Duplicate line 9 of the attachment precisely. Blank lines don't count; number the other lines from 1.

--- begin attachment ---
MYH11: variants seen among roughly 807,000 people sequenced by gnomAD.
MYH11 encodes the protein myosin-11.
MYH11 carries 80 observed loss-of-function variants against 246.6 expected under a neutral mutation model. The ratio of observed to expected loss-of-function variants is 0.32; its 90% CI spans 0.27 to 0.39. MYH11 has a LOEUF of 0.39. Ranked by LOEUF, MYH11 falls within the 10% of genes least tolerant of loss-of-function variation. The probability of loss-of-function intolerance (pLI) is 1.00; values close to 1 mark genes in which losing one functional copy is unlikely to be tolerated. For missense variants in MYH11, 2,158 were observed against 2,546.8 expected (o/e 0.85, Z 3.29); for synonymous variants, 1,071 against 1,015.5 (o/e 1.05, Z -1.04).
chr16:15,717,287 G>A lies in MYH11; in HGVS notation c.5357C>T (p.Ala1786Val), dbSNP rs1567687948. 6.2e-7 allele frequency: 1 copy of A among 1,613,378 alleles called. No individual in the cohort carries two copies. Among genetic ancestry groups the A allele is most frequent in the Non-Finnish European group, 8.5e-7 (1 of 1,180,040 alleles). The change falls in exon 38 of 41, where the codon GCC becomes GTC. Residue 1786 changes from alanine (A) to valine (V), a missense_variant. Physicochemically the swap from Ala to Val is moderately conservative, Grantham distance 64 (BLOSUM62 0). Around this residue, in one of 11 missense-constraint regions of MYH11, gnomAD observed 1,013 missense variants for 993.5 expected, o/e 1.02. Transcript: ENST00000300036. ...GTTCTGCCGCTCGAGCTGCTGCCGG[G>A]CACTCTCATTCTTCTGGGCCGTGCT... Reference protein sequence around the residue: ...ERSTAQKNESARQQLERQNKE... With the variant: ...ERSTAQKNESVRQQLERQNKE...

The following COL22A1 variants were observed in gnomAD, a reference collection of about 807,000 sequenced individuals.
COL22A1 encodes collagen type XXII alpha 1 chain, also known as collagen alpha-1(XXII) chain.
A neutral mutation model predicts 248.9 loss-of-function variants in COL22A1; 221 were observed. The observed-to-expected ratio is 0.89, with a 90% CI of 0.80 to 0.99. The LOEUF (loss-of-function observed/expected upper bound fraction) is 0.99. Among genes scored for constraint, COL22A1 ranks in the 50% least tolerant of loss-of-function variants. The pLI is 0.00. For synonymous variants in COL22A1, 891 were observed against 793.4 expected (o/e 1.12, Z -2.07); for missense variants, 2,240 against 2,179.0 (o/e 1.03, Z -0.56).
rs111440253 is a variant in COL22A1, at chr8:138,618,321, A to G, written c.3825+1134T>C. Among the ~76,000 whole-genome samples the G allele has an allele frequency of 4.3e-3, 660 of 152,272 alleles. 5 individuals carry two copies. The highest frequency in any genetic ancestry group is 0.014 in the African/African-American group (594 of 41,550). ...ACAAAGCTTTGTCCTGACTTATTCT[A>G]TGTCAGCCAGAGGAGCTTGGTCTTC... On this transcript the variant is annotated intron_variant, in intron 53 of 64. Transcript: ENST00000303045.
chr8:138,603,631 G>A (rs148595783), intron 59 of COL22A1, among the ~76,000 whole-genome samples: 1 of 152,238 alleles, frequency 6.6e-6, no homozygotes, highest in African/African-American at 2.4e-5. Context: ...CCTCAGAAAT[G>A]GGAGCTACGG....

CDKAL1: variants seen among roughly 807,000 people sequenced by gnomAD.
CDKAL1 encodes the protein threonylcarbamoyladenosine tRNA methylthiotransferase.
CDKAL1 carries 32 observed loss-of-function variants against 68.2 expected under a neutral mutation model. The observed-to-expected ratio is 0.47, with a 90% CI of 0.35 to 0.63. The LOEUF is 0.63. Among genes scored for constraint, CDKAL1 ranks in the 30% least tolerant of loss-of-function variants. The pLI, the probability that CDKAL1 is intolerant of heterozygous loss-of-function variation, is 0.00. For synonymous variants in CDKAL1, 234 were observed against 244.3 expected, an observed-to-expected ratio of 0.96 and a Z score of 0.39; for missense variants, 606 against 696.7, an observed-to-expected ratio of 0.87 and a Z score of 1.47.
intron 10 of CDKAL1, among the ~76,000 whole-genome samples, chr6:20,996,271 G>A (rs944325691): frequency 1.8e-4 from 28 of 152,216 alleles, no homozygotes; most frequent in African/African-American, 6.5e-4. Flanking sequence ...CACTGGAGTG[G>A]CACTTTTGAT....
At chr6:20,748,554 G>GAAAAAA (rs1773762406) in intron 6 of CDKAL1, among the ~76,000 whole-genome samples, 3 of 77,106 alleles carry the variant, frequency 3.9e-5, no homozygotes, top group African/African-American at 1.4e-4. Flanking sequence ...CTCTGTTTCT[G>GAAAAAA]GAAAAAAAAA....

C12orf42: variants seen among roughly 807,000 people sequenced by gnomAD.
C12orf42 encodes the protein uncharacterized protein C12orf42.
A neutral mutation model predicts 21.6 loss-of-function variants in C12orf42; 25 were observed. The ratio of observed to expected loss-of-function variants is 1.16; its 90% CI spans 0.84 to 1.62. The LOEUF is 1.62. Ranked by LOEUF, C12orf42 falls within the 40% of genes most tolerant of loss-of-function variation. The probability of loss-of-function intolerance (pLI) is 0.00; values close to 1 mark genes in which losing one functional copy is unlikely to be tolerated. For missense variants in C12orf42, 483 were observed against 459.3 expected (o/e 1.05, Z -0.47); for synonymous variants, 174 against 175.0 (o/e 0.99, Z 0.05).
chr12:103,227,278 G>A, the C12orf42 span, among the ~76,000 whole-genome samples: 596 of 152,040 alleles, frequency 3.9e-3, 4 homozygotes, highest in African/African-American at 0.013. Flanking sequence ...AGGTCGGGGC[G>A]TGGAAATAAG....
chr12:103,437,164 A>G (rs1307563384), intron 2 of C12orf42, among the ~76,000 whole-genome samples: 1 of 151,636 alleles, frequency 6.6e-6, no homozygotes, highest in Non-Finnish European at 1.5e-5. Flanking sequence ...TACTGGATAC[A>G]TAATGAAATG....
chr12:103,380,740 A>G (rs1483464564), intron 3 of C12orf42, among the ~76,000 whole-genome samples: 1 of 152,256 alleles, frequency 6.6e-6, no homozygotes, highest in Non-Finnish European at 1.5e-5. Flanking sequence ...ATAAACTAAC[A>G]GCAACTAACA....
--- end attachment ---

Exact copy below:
chr8:138,603,631 G>A (rs148595783), intron 59 of COL22A1, among the ~76,000 whole-genome samples: 1 of 152,238 alleles, frequency 6.6e-6, no homozygotes, highest in African/African-American at 2.4e-5. Context: ...CCTCAGAAAT[G>A]GGAGCTACGG....